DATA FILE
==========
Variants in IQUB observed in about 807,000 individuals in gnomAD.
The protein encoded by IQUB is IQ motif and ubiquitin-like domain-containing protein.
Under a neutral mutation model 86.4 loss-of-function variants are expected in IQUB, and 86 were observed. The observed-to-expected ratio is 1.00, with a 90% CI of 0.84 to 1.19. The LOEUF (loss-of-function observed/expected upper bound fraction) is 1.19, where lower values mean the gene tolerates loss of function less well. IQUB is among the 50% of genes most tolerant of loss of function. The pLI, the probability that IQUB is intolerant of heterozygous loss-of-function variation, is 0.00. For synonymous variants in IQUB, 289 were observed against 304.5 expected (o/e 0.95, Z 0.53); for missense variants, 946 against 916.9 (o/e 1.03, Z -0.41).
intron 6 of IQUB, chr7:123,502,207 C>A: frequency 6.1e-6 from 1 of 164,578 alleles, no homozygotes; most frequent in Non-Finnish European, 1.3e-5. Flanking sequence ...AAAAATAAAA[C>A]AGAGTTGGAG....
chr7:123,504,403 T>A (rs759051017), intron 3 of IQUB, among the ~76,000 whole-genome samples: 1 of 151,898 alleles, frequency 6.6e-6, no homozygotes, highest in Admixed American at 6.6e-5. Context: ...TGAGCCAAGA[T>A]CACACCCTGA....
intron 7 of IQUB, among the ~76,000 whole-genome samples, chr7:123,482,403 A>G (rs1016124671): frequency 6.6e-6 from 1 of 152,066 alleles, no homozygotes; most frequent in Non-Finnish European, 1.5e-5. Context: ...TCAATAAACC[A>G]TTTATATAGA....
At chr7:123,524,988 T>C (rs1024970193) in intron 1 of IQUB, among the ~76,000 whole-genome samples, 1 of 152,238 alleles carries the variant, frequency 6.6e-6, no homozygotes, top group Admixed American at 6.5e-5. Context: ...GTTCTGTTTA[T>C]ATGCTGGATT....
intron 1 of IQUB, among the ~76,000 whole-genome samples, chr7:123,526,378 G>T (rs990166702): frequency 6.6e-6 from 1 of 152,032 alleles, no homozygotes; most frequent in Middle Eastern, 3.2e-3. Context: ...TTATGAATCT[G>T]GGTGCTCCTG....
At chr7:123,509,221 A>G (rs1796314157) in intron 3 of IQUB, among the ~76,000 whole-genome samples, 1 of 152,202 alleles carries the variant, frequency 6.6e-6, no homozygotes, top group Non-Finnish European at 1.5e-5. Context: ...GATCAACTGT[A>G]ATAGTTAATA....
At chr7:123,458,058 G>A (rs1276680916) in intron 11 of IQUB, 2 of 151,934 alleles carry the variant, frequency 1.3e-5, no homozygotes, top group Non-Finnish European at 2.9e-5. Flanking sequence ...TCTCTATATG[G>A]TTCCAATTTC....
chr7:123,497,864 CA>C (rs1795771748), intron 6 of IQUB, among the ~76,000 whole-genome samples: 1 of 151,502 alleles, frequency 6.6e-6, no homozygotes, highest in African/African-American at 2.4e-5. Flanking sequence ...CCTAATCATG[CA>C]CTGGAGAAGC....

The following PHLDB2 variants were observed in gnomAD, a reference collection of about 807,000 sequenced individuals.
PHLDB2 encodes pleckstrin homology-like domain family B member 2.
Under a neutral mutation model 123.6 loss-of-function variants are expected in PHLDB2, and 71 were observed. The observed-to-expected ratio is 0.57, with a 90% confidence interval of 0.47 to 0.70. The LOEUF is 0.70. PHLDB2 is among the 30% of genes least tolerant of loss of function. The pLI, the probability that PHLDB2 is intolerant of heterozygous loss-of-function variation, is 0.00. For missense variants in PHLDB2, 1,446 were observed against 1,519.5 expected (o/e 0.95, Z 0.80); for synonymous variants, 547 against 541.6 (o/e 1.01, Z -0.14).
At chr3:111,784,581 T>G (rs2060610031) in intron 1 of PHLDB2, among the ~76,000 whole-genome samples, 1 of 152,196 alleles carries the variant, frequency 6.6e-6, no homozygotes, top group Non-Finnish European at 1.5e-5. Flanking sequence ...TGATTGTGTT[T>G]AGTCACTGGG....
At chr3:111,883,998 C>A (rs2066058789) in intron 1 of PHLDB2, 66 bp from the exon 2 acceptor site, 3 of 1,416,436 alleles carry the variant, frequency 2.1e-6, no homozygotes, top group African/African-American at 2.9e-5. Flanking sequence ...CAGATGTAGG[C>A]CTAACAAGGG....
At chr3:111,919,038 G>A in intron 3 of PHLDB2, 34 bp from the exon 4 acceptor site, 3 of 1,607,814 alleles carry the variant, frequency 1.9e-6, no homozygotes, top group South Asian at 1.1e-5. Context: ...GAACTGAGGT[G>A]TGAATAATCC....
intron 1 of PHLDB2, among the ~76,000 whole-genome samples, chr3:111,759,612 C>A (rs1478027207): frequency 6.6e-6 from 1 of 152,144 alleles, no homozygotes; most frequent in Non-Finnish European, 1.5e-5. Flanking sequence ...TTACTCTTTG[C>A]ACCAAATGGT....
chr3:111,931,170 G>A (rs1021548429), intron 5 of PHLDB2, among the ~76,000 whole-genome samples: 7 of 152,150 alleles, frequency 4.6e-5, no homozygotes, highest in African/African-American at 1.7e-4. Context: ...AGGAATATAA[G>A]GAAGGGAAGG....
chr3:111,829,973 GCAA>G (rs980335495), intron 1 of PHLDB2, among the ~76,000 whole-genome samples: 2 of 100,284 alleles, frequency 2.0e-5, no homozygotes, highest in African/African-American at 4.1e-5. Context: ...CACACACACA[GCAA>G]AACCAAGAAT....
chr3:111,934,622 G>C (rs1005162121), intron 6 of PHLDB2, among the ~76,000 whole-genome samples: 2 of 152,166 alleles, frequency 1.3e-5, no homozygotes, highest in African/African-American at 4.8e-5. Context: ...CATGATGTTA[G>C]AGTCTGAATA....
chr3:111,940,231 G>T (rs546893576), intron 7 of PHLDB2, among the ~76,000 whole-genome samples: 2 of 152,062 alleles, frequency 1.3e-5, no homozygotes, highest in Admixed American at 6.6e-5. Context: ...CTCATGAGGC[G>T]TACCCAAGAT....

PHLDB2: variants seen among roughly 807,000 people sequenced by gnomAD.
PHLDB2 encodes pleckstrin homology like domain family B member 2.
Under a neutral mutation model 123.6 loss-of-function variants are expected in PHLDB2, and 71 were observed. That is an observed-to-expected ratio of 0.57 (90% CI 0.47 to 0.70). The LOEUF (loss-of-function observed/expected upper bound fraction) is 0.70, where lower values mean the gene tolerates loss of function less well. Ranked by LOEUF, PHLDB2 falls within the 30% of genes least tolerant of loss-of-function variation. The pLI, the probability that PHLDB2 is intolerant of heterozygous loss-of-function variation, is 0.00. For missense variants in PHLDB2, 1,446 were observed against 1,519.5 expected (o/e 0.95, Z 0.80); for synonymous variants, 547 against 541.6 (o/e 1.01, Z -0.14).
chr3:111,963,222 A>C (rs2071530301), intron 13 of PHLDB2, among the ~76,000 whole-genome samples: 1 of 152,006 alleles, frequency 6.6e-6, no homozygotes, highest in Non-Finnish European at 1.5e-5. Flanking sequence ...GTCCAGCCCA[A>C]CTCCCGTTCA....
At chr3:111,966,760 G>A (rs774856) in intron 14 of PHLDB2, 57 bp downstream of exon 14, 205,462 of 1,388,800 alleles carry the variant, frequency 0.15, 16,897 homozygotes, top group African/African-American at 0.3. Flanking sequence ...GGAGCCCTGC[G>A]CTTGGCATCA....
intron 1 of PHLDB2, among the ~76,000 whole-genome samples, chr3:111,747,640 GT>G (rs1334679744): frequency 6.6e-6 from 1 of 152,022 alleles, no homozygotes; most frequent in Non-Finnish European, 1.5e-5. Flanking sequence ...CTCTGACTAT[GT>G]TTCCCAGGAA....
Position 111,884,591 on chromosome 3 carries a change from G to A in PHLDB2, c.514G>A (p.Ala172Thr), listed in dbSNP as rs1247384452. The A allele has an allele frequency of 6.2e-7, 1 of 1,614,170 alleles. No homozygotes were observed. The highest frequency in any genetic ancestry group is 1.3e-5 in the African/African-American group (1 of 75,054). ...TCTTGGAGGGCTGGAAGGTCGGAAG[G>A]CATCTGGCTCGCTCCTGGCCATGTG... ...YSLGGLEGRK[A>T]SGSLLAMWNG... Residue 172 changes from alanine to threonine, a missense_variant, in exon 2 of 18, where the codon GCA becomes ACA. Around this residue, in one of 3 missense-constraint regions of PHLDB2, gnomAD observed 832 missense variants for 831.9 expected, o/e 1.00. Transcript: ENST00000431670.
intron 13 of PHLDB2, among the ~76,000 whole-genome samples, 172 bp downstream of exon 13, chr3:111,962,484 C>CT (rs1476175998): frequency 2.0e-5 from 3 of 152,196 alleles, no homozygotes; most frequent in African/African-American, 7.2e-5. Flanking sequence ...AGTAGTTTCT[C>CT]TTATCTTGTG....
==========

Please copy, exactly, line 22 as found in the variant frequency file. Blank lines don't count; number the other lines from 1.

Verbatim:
chr3:111,940,231 G>T (rs546893576), intron 7 of PHLDB2, among the ~76,000 whole-genome samples: 2 of 152,062 alleles, frequency 1.3e-5, no homozygotes, highest in Admixed American at 6.6e-5. Context: ...CTCATGAGGC[G>T]TACCCAAGAT....